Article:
Our Canadian branch family came for a visit recently, and one day we headed to Hampton Beach. It is a sandy stretch of shore on the Atlantic Ocean. The waves were a little higher than usual and the occasional brief gusts of very warm air quite confusing. We think this was all due to Hurricane Arthur coming north from the southern part of the U.S. coast. 

The two figures to the right are family members, our daughter and grandson, busily erecting sand castles. The man in the Hawaiian shorts is not related. It was a crowded beach. Sometimes you sit very close to people that you don’t know at all. I added the color at home.

Just for fun, I decided to gather five drawings that I have done on our town green, which all include the wooden bandstand. Four of the drawings show a band or a small number of musicians playing in the bandstand.

 The town green hosts local musicians throughout the summer, at Friday evening concerts and at the weekly market on Wednesday afternoons. All kinds of musical styles. Sousa marches, jazz, blues, big band from the 1940s, and folk are the most common. Above, a woman plays a flute during one of the markets. Next to her is her drum.

Local residents and summer visitors bring their chairs and  picnic suppers. The events are free.

Our attractive bandstand has small sculptures of squirrels and French horns too.  It was recently renovated, and the shingles on the roof are still acquiring their weathered-in appearance.

Once a year, the New London Garden Club hosts its Antique Show fundraiser. At this time, the bandstand is filled with antiques and other old stuff. The date this year is July 26 should you be in the area.

I drew this scene of the New London Market On The Green in 2010, a year before we became vendors. The yellow dog is unknown to me, but you can see my husband behind it with our departed small black and white dog named Hank.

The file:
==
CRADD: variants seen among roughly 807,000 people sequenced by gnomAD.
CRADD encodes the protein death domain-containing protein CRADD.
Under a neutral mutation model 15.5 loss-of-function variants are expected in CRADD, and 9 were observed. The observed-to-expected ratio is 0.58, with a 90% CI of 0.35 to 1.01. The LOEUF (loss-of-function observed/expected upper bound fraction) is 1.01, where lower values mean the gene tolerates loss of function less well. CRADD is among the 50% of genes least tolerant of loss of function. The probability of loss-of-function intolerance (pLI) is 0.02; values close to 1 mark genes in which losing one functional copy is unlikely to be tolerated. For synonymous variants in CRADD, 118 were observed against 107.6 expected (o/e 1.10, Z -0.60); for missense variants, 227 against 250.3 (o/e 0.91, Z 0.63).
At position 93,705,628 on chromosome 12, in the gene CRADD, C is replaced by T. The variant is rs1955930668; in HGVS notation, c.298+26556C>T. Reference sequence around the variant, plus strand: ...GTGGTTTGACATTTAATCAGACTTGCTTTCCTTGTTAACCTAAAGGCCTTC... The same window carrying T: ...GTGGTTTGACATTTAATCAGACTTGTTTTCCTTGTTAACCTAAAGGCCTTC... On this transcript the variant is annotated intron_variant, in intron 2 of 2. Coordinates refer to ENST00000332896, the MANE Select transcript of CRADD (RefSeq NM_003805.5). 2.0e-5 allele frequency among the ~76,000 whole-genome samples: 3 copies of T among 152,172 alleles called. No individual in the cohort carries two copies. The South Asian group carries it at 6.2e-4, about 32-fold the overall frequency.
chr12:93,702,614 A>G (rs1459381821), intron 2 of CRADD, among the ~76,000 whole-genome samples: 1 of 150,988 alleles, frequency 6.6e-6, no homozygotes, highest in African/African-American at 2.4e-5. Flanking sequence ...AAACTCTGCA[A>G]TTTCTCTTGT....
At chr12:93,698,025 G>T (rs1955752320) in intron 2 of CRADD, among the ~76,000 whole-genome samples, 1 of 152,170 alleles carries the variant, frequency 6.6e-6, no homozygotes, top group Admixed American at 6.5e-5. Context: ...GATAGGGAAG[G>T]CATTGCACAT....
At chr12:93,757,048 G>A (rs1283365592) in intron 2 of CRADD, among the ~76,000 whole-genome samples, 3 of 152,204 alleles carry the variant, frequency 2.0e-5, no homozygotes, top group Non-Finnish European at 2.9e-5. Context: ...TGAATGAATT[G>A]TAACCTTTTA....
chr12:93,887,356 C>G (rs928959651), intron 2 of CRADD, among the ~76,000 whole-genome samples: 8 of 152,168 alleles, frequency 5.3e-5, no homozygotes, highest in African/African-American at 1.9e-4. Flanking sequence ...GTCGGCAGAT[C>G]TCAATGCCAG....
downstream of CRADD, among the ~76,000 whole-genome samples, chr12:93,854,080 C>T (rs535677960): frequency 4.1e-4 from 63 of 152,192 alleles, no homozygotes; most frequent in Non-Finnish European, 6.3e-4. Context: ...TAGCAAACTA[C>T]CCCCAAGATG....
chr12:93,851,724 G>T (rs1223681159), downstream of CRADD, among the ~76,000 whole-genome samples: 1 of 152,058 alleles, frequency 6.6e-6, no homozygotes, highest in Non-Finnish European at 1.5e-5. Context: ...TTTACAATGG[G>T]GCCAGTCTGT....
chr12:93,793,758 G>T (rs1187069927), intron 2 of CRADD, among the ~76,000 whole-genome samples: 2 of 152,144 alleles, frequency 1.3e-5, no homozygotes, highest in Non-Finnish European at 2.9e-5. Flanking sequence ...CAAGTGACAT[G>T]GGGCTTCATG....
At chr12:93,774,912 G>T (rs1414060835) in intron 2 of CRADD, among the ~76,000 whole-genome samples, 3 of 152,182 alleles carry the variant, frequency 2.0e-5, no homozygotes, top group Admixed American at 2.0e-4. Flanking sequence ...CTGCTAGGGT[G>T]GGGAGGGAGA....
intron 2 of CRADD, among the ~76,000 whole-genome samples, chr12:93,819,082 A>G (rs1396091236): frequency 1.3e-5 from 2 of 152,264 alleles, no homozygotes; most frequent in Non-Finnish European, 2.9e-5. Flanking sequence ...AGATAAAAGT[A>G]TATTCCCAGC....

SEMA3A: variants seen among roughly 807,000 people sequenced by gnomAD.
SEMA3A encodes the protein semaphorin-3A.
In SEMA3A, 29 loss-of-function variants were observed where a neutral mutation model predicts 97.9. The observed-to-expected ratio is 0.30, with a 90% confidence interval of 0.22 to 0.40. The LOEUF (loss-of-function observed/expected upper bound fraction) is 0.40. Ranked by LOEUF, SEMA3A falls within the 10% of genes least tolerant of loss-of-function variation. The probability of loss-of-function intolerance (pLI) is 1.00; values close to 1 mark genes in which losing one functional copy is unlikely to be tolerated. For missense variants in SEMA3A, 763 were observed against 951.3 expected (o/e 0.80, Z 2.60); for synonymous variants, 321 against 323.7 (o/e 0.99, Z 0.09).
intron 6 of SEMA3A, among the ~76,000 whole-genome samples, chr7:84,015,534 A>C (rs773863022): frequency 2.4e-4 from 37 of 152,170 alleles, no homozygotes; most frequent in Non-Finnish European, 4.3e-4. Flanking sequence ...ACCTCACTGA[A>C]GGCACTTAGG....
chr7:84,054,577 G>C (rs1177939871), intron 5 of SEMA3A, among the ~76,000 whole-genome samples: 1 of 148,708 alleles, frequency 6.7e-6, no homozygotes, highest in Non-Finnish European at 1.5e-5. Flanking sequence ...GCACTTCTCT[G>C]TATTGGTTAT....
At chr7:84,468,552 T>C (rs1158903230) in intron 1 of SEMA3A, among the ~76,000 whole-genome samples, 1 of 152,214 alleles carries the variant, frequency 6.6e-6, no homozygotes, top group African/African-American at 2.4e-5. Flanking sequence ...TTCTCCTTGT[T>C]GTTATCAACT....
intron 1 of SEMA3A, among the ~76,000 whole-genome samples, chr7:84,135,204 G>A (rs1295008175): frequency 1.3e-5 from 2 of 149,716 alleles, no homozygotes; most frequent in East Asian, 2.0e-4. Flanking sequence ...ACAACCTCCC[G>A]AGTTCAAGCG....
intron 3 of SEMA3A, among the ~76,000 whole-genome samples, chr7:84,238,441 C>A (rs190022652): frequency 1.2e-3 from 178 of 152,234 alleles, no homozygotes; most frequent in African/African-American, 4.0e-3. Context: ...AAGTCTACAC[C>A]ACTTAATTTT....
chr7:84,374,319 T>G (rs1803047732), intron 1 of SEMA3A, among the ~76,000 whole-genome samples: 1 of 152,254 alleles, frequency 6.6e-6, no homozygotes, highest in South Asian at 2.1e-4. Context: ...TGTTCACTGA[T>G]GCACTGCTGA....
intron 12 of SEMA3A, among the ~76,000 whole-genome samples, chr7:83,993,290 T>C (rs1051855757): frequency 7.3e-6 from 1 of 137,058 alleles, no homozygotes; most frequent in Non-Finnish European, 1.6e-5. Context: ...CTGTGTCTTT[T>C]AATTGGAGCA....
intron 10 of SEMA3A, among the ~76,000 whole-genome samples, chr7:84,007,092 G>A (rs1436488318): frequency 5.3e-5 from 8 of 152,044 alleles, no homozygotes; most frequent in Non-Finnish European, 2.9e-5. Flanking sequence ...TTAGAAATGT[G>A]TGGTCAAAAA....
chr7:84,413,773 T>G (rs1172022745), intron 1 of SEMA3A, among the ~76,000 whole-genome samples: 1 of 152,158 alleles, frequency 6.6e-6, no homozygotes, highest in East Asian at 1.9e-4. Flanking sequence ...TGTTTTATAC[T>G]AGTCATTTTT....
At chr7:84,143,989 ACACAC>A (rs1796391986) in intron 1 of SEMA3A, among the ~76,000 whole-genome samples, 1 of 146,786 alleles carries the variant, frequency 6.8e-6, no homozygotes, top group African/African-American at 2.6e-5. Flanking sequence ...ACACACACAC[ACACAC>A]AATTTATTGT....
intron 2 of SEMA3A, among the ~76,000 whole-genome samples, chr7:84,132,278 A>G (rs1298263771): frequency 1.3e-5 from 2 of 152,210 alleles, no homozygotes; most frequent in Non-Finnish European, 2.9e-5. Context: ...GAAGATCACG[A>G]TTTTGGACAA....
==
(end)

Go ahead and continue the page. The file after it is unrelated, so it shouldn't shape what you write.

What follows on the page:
Another view of a Friday night band concert on the green. Hank is in the foreground next to our picnic blanket. The adults listen to the music and the kids run around (and pat dogs). It is a nice sort of freedom, and a blending of the generations.

This year our three grandchildren brought a ball to kick around.  And, as children do, they made lots of new friends.

One last sketch on the green from my collection. I loved how no one was paying any attention to me as I was drawing. Except for the yellow dog.

And now some more sketches of downtown Los Angeles, frequently known now as DTLA. 

 This is a view from the top of Ten Ten Wilshire, a tall building where our daughter has an office. The crane was part of the 73-story Wilshire Grand project. The day that the cement mixers drove up en masse for the footings and foundation for the big project was officially called The Big Pour.

Here we have the Roxie Theater on 518 South Broadway, DTLA. It opened in 1931 for film presentation, rather than stage events. For architectural purity, I chose to draw it without the street level film marquees.

I love to draw crowds and markets. Just around the corner from our daughter and son-in-law’s apartment is this Sunday market at 5th Avenue between Broadway and Spring Streets. 

Note the several pairs of things in the composition. Pairs of earrings, two scarfs, twin leashed dogs, and a double stroller with two young children. These things just happen.

See the figure with the striped shirt?  At first, I couldn’t tell if she was walking towards me or away. I purposely tried to capture this spacial ambiguity.

The Eastern Columbia Building at 849 South Broadway, constructed in 1930, is our daughter’s favorite she tells me. I think it was originally a department store. The thirteen story, bright turquoise, blue, and gold terracotta clad building was restored and converted into 147 condominiums in 2006. It is Art Deco style with panels of wheat sheaves. Or maybe chevrons.

The two different times on the clocks show how long I was drawing the top of the façade.

One day at the market, I drew the afternoon sunlight glowing through jam jars made by the Cutting Farm in Springfield, NH.